4 months ago

BeatRoute Magazine BC Edition August 2018

BeatRoute Magazine is a monthly arts and entertainment paper with a predominant focus on music – local, independent or otherwise. The paper started in June 2004 and continues to provide a healthy dose of perversity while exercising rock ‘n’ roll ethics. Currently BeatRoute’s AB edition is distributed in Calgary, Edmonton (by S*A*R*G*E), Banff and Canmore. The BC edition is distributed in Vancouver, Victoria and Nanaimo. BeatRoute (AB) Mission PO 23045 Calgary, AB T2S 3A8 E. BeatRoute (BC) #202 – 2405 E Hastings Vancouver, BC V5K 1Y8 P. 778-888-1120


CITY 12 INTERNATIONAL OVERDOSE AWARENESS DAY By Jordan Yeager Photo by Baron S. Cameron RESOURCES “VCH’s overdose response is tackling the issue from every vantage point we have,” says Caitlin Etherington, Interim Director for Regional Prevention. “We want make sure that no one is using alone, we want to make it easier for people who want treatment to find it, and we want to increase treatment options available for opioid use disorder. We are working hard at preventing overdoses and encouraging less harmful drug use. We have work underway that addresses these, as well as trying to name and resist stigma, support the growing work force of peers, and ensure that all our efforts have a lens of Indigenous cultural safety.” BC Crisis Line 310-6789 BC Mental Health and Substance Use Services 1-888-300-3088 604-875-2345 Detox Services Creekside Detox: 604-587-3755 FSGV Youth Detox: 1-866-658-1221 or 1-877-872- 4349 Harbour Light Detox: 604-646-6844 Onsite: 604-687-7483 Vancouver Detox: 604-658-1259 Maybe you’re an honour roll student with dreams of writing a classic novel. Maybe you’re a professional athlete. Maybe you’re a parent. When it comes to addiction, who you are doesn’t matter – addiction does not discriminate. Considering the ongoing overdose crisis throughout British Columbia, this is an inescapable reality. Historically, substance use has been a normal part of the human experience, and it will continue to be; drug use itself is not necessarily the problem. But when fentanyl was introduced to the scene in late 2016, incidents of reported overdoses amplified. According to Vancouver Coastal Health (VCH), fentanyl is a contaminant that can’t be seen, smelled, or tasted. It can be found in pills marketed as oxy and other club drugs, in powder as heroin, and mixed into cocaine and crystal meth. People often don’t think the substances they are using contain fentanyl, but all it takes is a piece the size of a grain of sand to cause an overdose. Regardless of the dangers, people are going to continue using elicit substances; instead of ostracizing them, why not provide the means to do so safely? Enter Insite, North America’s first supervised injection facility. Located at 139 East Hastings Street, Insite sees an average of 600 visits per day, many of which are repeat clients. Its services are anonymous, with visitors often opting to register under nicknames or handles. “Our average from when we opened in 2003 until late 2016 was two overdoses per day,” says Tim Gauthier, a long-time nurse at Insite. “We hung around that for years. And then around October 2016, with the introduction of fentanyl, we jumped up to eight overdoses per day. At our busiest, we had 27 events in a single operating day. It really took us by storm. Everyone just kind of hoped it would go away, but it didn’t. It’s 3:30, we’ve been open since 9:00, and we’ve had four events so far today.” Harm reduction programs like Insite’s supervised injection room are designed to “reduce the harms associated with drug use without requiring somebody to be absent from drug use in order to access services.” In other words, harm reduction does not discourage people from using – it simply provides them with a safe space to do so, whether that’s through clean needles, alcohol swabs, water, or just a warm, welcoming environment. By removing the stigmatization from substance use, people with HealthLink BC Call 811 to speak with a nurse about symptoms, health concerns, or to learn about other available resources. They have translations available in over 130 languages. Kelty Mental Health Resource Centre Available across British Columbia, Kelty provides children and youth with mental health and substance use information. 1-800-665-1822 604-875-2084 Mind Check is an online resource for people aged 12-24 to quickly access services for mental health support. substance abuse issues are more likely to seek and access resources for treatment. “People have this idea that it’s an endorsement, or it’s a promotion of drug use,” says Gauthier. “It’s easy to think that the safest thing for us to do is to not use drugs. But humans have taken recreational substances throughout history, and they will continue to do so. So while that’s happening, we need to have programs and policies in place to mitigate harms.” “I’ve been going there for over 10 years,” says Randy, an Insite client who goes by the handle Shovel. “They do a lot more behind the scenes than you know; Insite is home base for a lot of people. A lot of us get our mail there. Basically, they keep track of everybody. If we haven’t seen somebody for a week, we get worried. Between the lot of us, someone might know where that person is. And if you find the streets get pretty messy, we clean it, we sweep it all up every day. It’s like a big family.” Looking around Vancouver’s downtown east side, it becomes clear there is no average “day in the life” for its residents. From young men in crisp dress shirts to middle-aged women in flowing skirts and sandals, the stereotypical image of an addict that many adhere to is really nothing more than a scapegoat used to dehumanize and compartmentalize those reliant on substances. Insite isn’t just a place to use safely – they also provide STI testing, drug testing, antibiotics to treat infections, and a detox program. “They’ve saved my life more than once. When we get new stuff in, we don’t know the stuff, we go there, and if we OD, they save our lives,” adds Randy. “And a lot of infected people go there. All the abscesses and stuff that lead to people losing their limbs and stuff like that, they treat them.” “We can easily see past the needles or the tracks or the things that satellite drug use – like somebody who’s sleep deprived and overamped,” Gauthier says. “We see past those things, and we see the person experiencing them. They’re the most impacted by all of this. So no matter how much we want someone to do something, like go to detox or – I’m doing air quotes – ‘get better,’ the person wants that way more for themselves. Maybe they want that in different ways or expressions, but it really is their experience.” International Overdose Awareness Day is August 31. There is a vigil to remember those lost to overdose outside the Vancouver Art Gallery at 7 p.m. Naloxone Kit Availability Crosstown Clinic: 84 West Hastings Street Granville Health Centre: 1260 Granville Street Insite: 139 East Hastings Street London Drugs: most locations with pharmacies Pender Community Health Centre: 59 West Pender Street Shoppers Drug Mart: most locations with pharmacies Vancouver Women’s Health Collective: 29 West Hastings Street YouthCo: 205-568 Seymour Street Find more at Self-Help Resources Alcoholics Anonymous: 604-434-3933 Narcotics Anonymous: 604-873-1018 Alateen and Al-Anon: 604-688-1716 August 2018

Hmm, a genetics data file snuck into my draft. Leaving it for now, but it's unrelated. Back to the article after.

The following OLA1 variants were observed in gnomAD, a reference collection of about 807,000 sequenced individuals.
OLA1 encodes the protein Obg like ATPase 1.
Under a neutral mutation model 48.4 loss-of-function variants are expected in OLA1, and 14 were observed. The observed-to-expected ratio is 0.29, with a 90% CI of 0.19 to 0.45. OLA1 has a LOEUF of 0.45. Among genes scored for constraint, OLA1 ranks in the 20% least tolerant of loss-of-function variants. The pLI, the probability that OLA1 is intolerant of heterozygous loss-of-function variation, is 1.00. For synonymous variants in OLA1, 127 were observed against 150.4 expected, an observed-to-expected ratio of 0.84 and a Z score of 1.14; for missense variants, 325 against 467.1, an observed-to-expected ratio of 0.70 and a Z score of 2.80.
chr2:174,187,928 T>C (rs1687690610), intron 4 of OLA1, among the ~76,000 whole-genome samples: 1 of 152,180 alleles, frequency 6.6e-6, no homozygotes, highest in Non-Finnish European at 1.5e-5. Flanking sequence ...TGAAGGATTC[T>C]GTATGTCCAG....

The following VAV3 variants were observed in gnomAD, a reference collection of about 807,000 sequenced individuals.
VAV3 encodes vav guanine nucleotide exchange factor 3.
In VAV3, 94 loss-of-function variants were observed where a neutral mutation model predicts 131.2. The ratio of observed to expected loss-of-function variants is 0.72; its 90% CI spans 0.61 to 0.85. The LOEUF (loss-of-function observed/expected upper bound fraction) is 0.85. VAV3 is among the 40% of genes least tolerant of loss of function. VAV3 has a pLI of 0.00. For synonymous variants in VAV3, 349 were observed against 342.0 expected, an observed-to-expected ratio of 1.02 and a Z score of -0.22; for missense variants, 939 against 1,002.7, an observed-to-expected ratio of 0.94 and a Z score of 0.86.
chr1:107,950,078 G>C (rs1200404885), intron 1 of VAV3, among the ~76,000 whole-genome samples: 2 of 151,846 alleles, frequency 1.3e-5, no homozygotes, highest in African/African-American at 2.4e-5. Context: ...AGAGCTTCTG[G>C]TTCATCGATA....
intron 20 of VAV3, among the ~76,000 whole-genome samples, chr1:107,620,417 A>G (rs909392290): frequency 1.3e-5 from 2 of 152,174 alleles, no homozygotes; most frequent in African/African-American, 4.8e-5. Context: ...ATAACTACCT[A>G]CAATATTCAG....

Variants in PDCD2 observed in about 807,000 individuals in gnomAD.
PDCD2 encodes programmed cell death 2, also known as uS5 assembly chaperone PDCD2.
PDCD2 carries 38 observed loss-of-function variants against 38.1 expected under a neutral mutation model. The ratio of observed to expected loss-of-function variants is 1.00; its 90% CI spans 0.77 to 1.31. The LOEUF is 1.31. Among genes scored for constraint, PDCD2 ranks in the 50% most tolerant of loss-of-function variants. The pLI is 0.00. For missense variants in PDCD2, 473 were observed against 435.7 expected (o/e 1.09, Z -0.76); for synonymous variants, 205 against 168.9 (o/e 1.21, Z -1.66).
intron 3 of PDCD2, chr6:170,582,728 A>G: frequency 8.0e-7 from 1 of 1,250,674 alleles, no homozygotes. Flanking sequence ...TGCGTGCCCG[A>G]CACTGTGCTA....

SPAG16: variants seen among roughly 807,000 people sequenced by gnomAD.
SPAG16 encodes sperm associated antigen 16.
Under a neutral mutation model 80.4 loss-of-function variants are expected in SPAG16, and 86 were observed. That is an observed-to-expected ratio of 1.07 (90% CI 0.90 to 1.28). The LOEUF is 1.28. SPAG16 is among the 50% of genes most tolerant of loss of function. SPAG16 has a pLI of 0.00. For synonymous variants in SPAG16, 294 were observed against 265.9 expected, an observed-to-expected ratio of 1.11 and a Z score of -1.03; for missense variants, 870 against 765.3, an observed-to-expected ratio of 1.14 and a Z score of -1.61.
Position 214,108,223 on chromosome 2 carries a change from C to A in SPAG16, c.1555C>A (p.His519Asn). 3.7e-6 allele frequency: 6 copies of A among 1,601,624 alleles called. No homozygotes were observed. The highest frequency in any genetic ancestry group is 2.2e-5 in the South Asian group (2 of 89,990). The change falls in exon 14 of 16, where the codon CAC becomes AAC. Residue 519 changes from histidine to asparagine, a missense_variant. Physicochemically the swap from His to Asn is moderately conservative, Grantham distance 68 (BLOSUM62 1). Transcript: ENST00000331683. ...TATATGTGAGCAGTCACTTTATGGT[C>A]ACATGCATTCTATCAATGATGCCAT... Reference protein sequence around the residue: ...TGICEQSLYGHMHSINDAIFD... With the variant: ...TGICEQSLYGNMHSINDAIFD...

SKIN DEEP CELEBRATING VANCOUVER’S TATTOO CULTURE HOGAN SHORT PONDEROSA ARTS & MUSIC FESTIVAL JUST ANOTHER DAY IN PARADISE MADDY CRISTALL Ponderosa Arts & Music Festival was started in 2013 by close friends Kia Zahrabi and Kris Hargrave. Zahrabi, who resides in Vancouver, was able to provide BeatRoute with insight on the festival’s origins and what makes Ponderosa one of the most unique summer music experiences in British Columbia. The idea for Ponderosa was born out of a series of successful and audacious parties that Zahrabi threw on his father’s orchard in the Every month, we meet up with a local tattoo artist to get to know the individual and inspiration behind the ink. JOEL RICH, BLACK MEDICINE TATTOO How many years have you been tattooing? Since 2014, though I’m not counting the tattooing-myself-like-a-crazy-person years. How would you descrive your style, and why do you choose to tattoo that way? Drawing has always been a form of selfreflection for me. I think when I’m drawing in my sketchbook, it’s a way of processing the world around me. Maybe the way I view things is a bit skewed, but I hope that the result is interesting. My goal is to delve fully into the weirdness this year. As an artist and shop owner, how do you descrive your team at Black Medicine? We were initially a group of illustrators and comic artists who found their way into tattooing. It seemed natural to work mostly with black ink as that’s how we were drawing previously. All of the artists in the shop are super talented people and they made the shop what it is. Our goal was to have our favourite artists working under one banner while providing the best work environment we can. Okanagan Valley. Hargrave lives in Kelowna, close to the festival grounds which are in the small and beautiful Rock Creek settlement. The two fell in love with the Boundary Country region, home to Rock Creek’s annual fall fair, and decided this is where they wanted to conduct a full-fledged music festival. The area is engulfed in mountains, a riverside open to tubing, and generous fields suitable for two stages and daily morning yoga. What are some of the challenges you face? I’m constantly humbled by the talent that surrounds me. When I come into work I can’t help but be inspired, and I hope they feel the same way about each other. The stress gets to me as I worry about things a lot. If someone is feeling frustrated I can end up taking that on. Both tattooing and running a shop can be an emotional labour. Some days I feel like I can’t take it and hide in my apartment, but they lure me back into the shop with snacks and friendship. What makes your flash days at Black Medicine so popular? For some people, the spontaneous nature of the event is a lot of fun. For others, it’s a chance to get something from an artist who is difficult to an appointment with. What I love about the idea is that these are each artist’s newest, sometimes experimental works. You know the artist is excited to be tattooing the design you picked out. How do you view tattooing culture in Vancouver? It has a lot more young weirdoes these days, which sounds good to me. Follow Joel Rich on Instagram at @skeleton_jelly. While starting a festival can be nothing more than a pipedream between music loving friends, Zahrabi and Hargrave executed the feat and have pulled off an impressive annual festival for five years and counting. An average of 1000 people make it out every year to the Ponderosa Arts & Music Festival to experience three days of music, art, and food in the impossibly beautiful Rock Creek area. Zahrabi and Hargrave still embody a sincere affinity for throwing a great party; they both exhibit a chill demeanor which is apparent amongst patrons to their festival. Zahrabi describes the festival as inclusive, nonjudgmental, and fun. You can sit in the river between shows, kids are welcome, and people feel safe. Previous attendees have described the festival as the “best weekend of their lives.” The lineup this year is especially noteworthy as some of the diverse local and national acts include Toronto-based hip hop artist k-os, Montreal art rock band Suuns, psych rock duo Lightning Dust, and local heroes Yukon Blonde and Little Destroyer. If you love great music, an eclectic lineup, great company, and a gorgeous backdrop in the dog days of summer, then the Ponderosa Arts & Music Festival is for you. BOTTOMS UP DYLAN RICHES AT BRIX & MORTAR CITY HOW DID YOU START BARTENDING? Just over five years ago I was working in retail and struggling to make ends meet. A friend mentioned you could make pretty decent money bartending and I had nothing to lose so I made up a resume and faked some experience. I sent it out to a bunch of places and took a job bartending at the first place that would hire me. HOW LONG HAVE YOU WORKED AT BRIX & MORTAR? Around eight months. One of my closest friends, Ryan Sullivan, recommended me for the job. It’s be a fantastic experience so far. Everyone is really passionate about what they do and it’s a really creative environment that pushes you to constantly learn and grow. BEST THING ABOUT YOUR JOB? Definitely the community. Vancouver has a really closeknit community of bartenders that all really support each other. You don’t find a lot of animosity here. We celebrate each other’s victories, we all genuinely want each other to succeed. FAVOURITE DRINK TO MAKE WITH RED BULL ORGANICS? Probably “The Night Before” which has cold brew, black walnuts bitters, Red Bull Cola, nutmeg and orange in it. It’s dark and has a Christmas feel to it but it’s still really refreshing and goes great with rum or sherry. GO-TO ON A NIGHT OFF? You might find me at Revel Room sipping on a cocktail and enjoying their awesome live music throughout the week, or down at The Shebeen working through their wicked whisky list. There’s so many great spots though that I try to switch it up as much as I can. TELL US ABOUT THE GREATEST NIGHT YOU’VE EVER HAD AT WORK. There was a night at another bar I was working at where Steve Howey came in. It was pretty dead so we speant a couple hours talking about gin, whisky and oysters. So that was cool, he’s a really nice guy. THE WORST? There was a night at a different restaurant where the whole place filled in about 20 minutes. We were severely understaffed and our manager had left early. I was trying to serve, bartend, shuck oysters, and steam mussels at the same time. It just felt like one step forward, ten steps back. It was the only time I’ve ever felt like I wanted to cry at work. Brix & Mortar is located at 1138 Homer Street Photo by Chris Thorn Entering their sixth year as curators, Kia Zahrabi and Kris Hargrave put on one hell of a party Ponderosa Arts & Music Festival runs from August 17 to19 in Rock Creek, BC. Dylan at Brix and Mortar August 2018 13